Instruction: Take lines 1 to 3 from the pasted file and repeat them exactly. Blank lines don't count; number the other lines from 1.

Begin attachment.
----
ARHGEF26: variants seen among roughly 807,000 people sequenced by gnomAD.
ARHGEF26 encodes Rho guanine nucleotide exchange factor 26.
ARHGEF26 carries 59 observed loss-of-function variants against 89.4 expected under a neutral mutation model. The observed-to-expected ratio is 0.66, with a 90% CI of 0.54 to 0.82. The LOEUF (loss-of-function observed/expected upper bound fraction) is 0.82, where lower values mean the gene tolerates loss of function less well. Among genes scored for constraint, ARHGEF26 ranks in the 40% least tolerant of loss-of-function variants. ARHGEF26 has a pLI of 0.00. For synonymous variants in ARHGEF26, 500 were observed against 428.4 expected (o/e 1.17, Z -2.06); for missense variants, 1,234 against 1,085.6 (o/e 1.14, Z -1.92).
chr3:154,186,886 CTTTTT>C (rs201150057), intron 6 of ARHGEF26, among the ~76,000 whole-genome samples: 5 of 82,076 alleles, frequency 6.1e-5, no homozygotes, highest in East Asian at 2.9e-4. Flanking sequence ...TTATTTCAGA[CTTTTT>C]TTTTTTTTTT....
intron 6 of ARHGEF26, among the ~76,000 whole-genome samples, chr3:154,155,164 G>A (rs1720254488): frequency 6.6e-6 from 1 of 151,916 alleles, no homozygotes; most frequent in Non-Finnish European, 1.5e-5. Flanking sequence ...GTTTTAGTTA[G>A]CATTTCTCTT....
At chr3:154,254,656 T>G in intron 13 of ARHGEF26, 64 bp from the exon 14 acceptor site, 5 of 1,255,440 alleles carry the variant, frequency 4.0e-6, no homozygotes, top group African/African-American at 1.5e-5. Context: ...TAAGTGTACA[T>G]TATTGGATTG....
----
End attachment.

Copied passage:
ARHGEF26: variants seen among roughly 807,000 people sequenced by gnomAD.
ARHGEF26 encodes Rho guanine nucleotide exchange factor 26.
ARHGEF26 carries 59 observed loss-of-function variants against 89.4 expected under a neutral mutation model. The observed-to-expected ratio is 0.66, with a 90% CI of 0.54 to 0.82. The LOEUF (loss-of-function observed/expected upper bound fraction) is 0.82, where lower values mean the gene tolerates loss of function less well. Among genes scored for constraint, ARHGEF26 ranks in the 40% least tolerant of loss-of-function variants. ARHGEF26 has a pLI of 0.00. For synonymous variants in ARHGEF26, 500 were observed against 428.4 expected (o/e 1.17, Z -2.06); for missense variants, 1,234 against 1,085.6 (o/e 1.14, Z -1.92).